Pittsburgh joins numerous cities across the country in celebrating a national week of nonviolence organized by advocacy group Black Women for Positive Change, culminating in a Saturday summit in Washington, D.C.
The commemorative week comes amid national discussions of law enforcement, spurred by tension in Ferguson, Mo., where a police officer shot an unarmed black teenager, Michael Brown, two weeks ago.
Reflecting on the situation in Ferguson, Black Women for Positive Change co-founder Stephanie Myers said though she thought the police officer who shot Michael Brown was in the wrong, in general reducing violence requires a community effort. She said there are ways that police and citizens can change the discourse.
Police should spend more time engaging with local communities, including leaders such as the high school team captains and nonprofit directors, Ms. Myers said, adding, “we have to teach our young people that when they are confronted with an overly aggressive law enforcement officer they have to be strategic in how they respond.”
Black Women for Positive Change Pittsburgh liaison Diane Powell said one goal behind the week is teaching violence-prone adults and youth to think twice and learn to manage conflict without resorting to violence.
Pointing to Pittsburgh’s recent spike in homicides, Ms. Powell echoed Ms. Myers’ claim that citizens must join police in preventing violence. She said parents have a responsibility to teach their children conflict resolution skills and respect for law enforcement.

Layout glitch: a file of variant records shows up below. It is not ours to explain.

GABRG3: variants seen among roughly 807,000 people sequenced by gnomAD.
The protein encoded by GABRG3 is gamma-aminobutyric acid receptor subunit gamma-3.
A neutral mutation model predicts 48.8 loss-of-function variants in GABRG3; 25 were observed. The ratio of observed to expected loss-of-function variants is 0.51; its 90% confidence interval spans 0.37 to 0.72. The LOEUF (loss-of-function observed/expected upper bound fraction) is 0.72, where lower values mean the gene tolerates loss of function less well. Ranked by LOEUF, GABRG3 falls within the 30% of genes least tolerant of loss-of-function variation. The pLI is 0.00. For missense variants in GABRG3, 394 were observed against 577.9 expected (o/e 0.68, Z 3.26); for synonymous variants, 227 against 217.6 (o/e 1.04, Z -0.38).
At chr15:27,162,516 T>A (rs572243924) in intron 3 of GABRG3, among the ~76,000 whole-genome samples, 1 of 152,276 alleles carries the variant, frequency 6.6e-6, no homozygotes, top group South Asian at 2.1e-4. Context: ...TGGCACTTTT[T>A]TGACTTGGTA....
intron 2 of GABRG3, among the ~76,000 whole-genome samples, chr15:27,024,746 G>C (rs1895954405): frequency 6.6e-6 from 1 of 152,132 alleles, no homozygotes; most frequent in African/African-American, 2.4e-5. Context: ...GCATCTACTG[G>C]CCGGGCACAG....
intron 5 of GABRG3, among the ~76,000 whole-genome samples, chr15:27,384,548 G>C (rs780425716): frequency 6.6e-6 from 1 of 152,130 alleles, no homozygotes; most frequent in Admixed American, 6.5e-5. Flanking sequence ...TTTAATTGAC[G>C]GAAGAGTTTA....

George Spencer, president of Mad Dads of Greater Pittsburgh, said his organization leads neighborhood patrols as a way of monitoring violence-prone neighborhoods and giving locals a friendly face to talk to, “community mentoring on the street,” he calls it. The group sent out a patrol Saturday in Wilkinsburg and plans to lead one Friday in Homewood.
Local pastors are also expected to preach about nonviolence, Ms. Powell said.
The centerpiece of this week’s activities will begin at 6:30 p.m. Thursday, with two screenings of a short film at Project Destiny and East Liberty Presbyterian Church.
The film, “On Second Thought,” is based on a true story and depicts three youths embroiled in an irrational love triangle. It has two alternate endings: One scenario involves a murder; the other does not, meant to prompt the audience to think about ways to prevent violence. There will be discussions after the screenings.
Ms. Myers said she hopes the week will spark communication between youths and adults, who often brush conversations about violence under the rug because they see it as inappropriate or ugly: “Well it is ugly, but the kids are living with it.”
Stephanie McFeeters: firstname.lastname@example.org or 412-263-2533. On Twitter: @mcfeeters.